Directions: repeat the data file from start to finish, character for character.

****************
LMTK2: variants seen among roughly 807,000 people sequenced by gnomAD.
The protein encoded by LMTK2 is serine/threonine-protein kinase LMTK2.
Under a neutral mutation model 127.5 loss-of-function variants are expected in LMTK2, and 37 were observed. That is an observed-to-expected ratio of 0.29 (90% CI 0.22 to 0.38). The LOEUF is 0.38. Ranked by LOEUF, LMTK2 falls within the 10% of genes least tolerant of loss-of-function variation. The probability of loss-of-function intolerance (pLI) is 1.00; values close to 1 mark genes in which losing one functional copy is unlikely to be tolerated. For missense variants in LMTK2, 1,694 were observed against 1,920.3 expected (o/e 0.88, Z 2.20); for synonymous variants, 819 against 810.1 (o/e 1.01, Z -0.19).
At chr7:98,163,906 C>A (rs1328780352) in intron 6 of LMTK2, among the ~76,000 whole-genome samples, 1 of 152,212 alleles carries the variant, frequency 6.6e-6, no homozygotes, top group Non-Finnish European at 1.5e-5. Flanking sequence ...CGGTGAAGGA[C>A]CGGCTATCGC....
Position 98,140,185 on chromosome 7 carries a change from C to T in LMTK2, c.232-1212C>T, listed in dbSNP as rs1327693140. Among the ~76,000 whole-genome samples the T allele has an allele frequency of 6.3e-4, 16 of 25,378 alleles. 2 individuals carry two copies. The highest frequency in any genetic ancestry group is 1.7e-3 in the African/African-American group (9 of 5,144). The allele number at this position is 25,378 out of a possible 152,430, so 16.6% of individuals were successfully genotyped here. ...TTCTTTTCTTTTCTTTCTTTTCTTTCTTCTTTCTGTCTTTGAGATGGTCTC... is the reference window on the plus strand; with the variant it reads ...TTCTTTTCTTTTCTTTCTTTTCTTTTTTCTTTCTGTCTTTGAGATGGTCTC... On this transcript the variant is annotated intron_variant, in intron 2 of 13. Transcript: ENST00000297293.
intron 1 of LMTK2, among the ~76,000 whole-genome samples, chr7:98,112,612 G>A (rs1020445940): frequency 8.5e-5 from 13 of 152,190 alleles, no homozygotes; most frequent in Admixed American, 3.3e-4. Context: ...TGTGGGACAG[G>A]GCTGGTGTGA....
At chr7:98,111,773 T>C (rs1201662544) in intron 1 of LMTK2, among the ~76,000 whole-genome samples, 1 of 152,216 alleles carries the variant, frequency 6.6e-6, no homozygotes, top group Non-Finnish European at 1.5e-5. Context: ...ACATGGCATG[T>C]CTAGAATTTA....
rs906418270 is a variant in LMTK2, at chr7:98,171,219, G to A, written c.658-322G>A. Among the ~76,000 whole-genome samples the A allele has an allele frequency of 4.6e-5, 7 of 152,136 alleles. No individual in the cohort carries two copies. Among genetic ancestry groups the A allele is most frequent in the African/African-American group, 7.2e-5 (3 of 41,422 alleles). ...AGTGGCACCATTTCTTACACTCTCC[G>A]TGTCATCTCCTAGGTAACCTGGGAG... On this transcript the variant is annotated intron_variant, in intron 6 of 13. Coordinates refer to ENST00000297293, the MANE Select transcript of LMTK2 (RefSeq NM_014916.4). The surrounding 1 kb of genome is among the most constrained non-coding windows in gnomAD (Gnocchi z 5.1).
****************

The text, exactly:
LMTK2: variants seen among roughly 807,000 people sequenced by gnomAD.
The protein encoded by LMTK2 is serine/threonine-protein kinase LMTK2.
Under a neutral mutation model 127.5 loss-of-function variants are expected in LMTK2, and 37 were observed. That is an observed-to-expected ratio of 0.29 (90% CI 0.22 to 0.38). The LOEUF is 0.38. Ranked by LOEUF, LMTK2 falls within the 10% of genes least tolerant of loss-of-function variation. The probability of loss-of-function intolerance (pLI) is 1.00; values close to 1 mark genes in which losing one functional copy is unlikely to be tolerated. For missense variants in LMTK2, 1,694 were observed against 1,920.3 expected (o/e 0.88, Z 2.20); for synonymous variants, 819 against 810.1 (o/e 1.01, Z -0.19).
At chr7:98,163,906 C>A (rs1328780352) in intron 6 of LMTK2, among the ~76,000 whole-genome samples, 1 of 152,212 alleles carries the variant, frequency 6.6e-6, no homozygotes, top group Non-Finnish European at 1.5e-5. Flanking sequence ...CGGTGAAGGA[C>A]CGGCTATCGC....
Position 98,140,185 on chromosome 7 carries a change from C to T in LMTK2, c.232-1212C>T, listed in dbSNP as rs1327693140. Among the ~76,000 whole-genome samples the T allele has an allele frequency of 6.3e-4, 16 of 25,378 alleles. 2 individuals carry two copies. The highest frequency in any genetic ancestry group is 1.7e-3 in the African/African-American group (9 of 5,144). The allele number at this position is 25,378 out of a possible 152,430, so 16.6% of individuals were successfully genotyped here. ...TTCTTTTCTTTTCTTTCTTTTCTTTCTTCTTTCTGTCTTTGAGATGGTCTC... is the reference window on the plus strand; with the variant it reads ...TTCTTTTCTTTTCTTTCTTTTCTTTTTTCTTTCTGTCTTTGAGATGGTCTC... On this transcript the variant is annotated intron_variant, in intron 2 of 13. Transcript: ENST00000297293.
intron 1 of LMTK2, among the ~76,000 whole-genome samples, chr7:98,112,612 G>A (rs1020445940): frequency 8.5e-5 from 13 of 152,190 alleles, no homozygotes; most frequent in Admixed American, 3.3e-4. Context: ...TGTGGGACAG[G>A]GCTGGTGTGA....
At chr7:98,111,773 T>C (rs1201662544) in intron 1 of LMTK2, among the ~76,000 whole-genome samples, 1 of 152,216 alleles carries the variant, frequency 6.6e-6, no homozygotes, top group Non-Finnish European at 1.5e-5. Context: ...ACATGGCATG[T>C]CTAGAATTTA....
rs906418270 is a variant in LMTK2, at chr7:98,171,219, G to A, written c.658-322G>A. Among the ~76,000 whole-genome samples the A allele has an allele frequency of 4.6e-5, 7 of 152,136 alleles. No individual in the cohort carries two copies. Among genetic ancestry groups the A allele is most frequent in the African/African-American group, 7.2e-5 (3 of 41,422 alleles). ...AGTGGCACCATTTCTTACACTCTCC[G>A]TGTCATCTCCTAGGTAACCTGGGAG... On this transcript the variant is annotated intron_variant, in intron 6 of 13. Coordinates refer to ENST00000297293, the MANE Select transcript of LMTK2 (RefSeq NM_014916.4). The surrounding 1 kb of genome is among the most constrained non-coding windows in gnomAD (Gnocchi z 5.1).